Thursday, 18 June 2015

30 Days Wild | Day 17 - Little Tern fun at Gronant

For day 17 of 30 Days Wild I had planned a special trip to somewhere i'd wanted to go for a while. I figured I deserved a treat after my exam last week! The place in question was the Little Tern colony at Gronant on the North Wales coast. It's easy to get to by train (my driving test is booked for next month, eek!) so in the morning I headed off from Birmingham New Street station to Prestatyn. When I had first booked this day off work the weather forecast had been very good, however it had deteriorated somewhat since then so I was hoping the predicted rain wouldn't come to much! I always enjoy a long train journey and on this occasion I started reading a book Chris gave me for Christmas, Hare by Simon Carnell - last year I read the Owl book in this series too so was looking forward to learning about hares, their natural history and their place in human history and mythology.

Train reading.
From Prestatyn the tern colony was very easy to get to - I walked to the coast, then walked east parallel with the sea until I reached the colony. The route I followed was part of the well-signposted coast path and took me through the dunes which were marvellous! I took my time along the way and enjoyed the birds and plants. There were Skylarks aplenty, and several times I startled them up from the path ahead. I also saw Linnets and Meadow Pipits, and heard a Whitethroat. The weather was very warm and still with only occasional drizzle, and I even saw a Small Heath butterfly. Plant-wise, I have never seen so many Pyramidal Orchids in my life, they were everywhere! I also found 2 Bee Orchids as well.

Information board in Prestatyn, including a Little Tern illustration.
The start of my walk along the sea to Gronant.
Think I'll take the high road....
Boardwalk along the top of the dunes.
The coast path through the dunes.

Pyramidal Orchids (Anacamptis pyramidalis) everywhere!

Dune flora, loads of Yellow Rattle (Rhinanthus minor) and Pyramidal Orchids (Anacamptis pyramidalis).

First Bee Orchid (Ophrys apifera).

Second Bee Orchid (Ophrys apifera).

As I arrived at the boardwalk leading up to the Little Tern colony viewpoint I spotted a female Stonechat atop a bush with some food in her beak.... I waited to see where she would take it. She jumped down into the long grass below where one of her fledglings was waiting, and gave the food to the hungry young'un! She was then joined back at the top of her perch by a smart male Reed Bunting. I headed along the boardwalk and set up my scope at the viewpoint. The Little Tern colony is fenced off every year to protect it from disturbance and predators, so its location was immediately clear and I was soon enjoying smashing views of the terns. Parts of the colony were obscured by the dunes in front, but there was one area that I had a clear view of, and I watched the terns sitting on their eggs snuggled down in the shingle, and coming and going on feeding trips. There were plenty feeding out at sea too, and a few resting on the sand as the tide went out.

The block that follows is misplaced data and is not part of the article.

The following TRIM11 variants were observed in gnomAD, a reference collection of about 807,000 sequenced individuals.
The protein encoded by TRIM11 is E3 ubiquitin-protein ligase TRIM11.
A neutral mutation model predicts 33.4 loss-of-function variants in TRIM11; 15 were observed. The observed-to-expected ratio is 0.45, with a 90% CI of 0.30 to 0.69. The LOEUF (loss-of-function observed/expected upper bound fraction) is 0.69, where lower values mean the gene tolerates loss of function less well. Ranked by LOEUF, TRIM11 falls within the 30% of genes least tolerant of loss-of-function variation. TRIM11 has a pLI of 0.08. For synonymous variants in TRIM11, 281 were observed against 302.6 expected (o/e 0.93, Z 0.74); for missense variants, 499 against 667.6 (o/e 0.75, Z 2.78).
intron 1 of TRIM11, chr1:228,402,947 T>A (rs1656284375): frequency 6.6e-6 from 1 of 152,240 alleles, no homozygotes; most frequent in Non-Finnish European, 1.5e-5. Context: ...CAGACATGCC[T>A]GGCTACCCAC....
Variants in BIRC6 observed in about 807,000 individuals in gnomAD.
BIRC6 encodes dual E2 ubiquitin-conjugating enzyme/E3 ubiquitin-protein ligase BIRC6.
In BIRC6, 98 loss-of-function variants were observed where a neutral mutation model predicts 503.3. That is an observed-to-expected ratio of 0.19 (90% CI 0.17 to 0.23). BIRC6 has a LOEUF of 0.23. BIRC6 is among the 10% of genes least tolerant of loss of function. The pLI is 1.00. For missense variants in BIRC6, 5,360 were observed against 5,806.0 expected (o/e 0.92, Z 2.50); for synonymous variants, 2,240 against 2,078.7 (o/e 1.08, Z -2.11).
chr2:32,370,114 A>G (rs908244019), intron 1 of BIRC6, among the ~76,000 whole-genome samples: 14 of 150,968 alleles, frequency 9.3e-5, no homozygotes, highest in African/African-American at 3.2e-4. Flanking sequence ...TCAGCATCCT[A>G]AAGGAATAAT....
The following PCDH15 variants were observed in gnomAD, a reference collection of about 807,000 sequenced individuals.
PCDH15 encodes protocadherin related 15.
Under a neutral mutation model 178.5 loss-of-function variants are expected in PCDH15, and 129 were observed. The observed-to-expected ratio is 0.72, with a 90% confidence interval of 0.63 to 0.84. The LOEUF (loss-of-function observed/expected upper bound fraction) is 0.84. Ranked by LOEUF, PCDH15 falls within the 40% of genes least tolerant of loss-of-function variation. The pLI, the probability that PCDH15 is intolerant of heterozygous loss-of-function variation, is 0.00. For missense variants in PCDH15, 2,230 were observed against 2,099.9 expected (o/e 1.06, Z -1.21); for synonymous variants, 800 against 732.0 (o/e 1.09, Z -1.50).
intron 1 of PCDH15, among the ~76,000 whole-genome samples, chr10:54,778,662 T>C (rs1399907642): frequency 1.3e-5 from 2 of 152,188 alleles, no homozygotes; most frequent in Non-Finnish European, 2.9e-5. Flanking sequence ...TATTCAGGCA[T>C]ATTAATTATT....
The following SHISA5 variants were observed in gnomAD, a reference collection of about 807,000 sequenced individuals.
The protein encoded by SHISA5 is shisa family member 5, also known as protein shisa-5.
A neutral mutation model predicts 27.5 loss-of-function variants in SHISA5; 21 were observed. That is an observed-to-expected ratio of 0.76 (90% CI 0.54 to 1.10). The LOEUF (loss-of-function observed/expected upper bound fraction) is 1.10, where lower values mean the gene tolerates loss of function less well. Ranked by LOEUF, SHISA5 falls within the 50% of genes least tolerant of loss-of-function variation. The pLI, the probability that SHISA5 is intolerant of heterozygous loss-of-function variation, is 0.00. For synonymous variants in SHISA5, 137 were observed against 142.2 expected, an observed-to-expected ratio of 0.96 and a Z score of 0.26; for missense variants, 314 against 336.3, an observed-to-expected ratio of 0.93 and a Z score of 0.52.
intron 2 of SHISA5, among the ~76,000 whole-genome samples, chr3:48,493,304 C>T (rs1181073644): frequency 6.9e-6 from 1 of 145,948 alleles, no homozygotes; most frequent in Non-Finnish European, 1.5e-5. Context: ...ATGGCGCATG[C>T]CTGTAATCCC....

View from the boardwalk, nice clumps of Sea-purslane (Atriplex portulacoides).

The sightings board.

Little Tern info!

View out towards the tern colony, it is just about visible - the shingle area on the left with fencing.
As well as the terns there were quite a few Oystercatchers and Ringed Plovers around, the odd Swallow flying over, a large group of Cormorants roosting on the sand and a couple of Curlews which flew by; I also heard a Redshank a few times but didn't see any. Up until this point I had been doing just about OK with the weather - it was very muggy and overcast with occasional small drizzly outbreaks. However after I'd been at the viewpoint for a while the wind started to pick up and the rain became slightly more insistent. It was time to head back! At the top of the boardwalk I saw the Stonechat family again, this time the male fed a fledgling. I walked back the way I came and although the weather wasn't getting any better I still wanted to look at plants!

I think this is Sea Sandwort (Honckenya peploides).
Another Pyramidal Orchid (Anacamptis pyramidalis), this time with a shieldbug!
Not 100% sure but I think this might be Lesser Trefoil (Trifolium dubium)?
Sea Bindweed (Convolvulus soldanella).
The warm wet conditions were also perfect for these snails, which were everywhere. I always like seeing them as they are close relations of the species I studied for my Open University evolution module last year, White-lipped Snail (Cepaea hortensis). Both species show an interesting polymorphism - their shell colours and numbers of stripes vary within species.

Many-banded morph of Brown-lipped Snail (Cepaea nemoralis).
Single-banded morph of Brown-lipped Snail (Cepaea nemoralis).
I arrived back in Prestatyn rather soggy, but the rain didn't last long and I soon dried off again once it had stopped! Not only had the tern colony been a great birding destination that had lived up to my expectations, the journey to and from it via the dunes had been equally enjoyable for their botanical interest. There is some good info here about the Little Tern colony, I think I might visit again in winter for some more wader action and maybe some Snow Buntings or even Shorelarks.....

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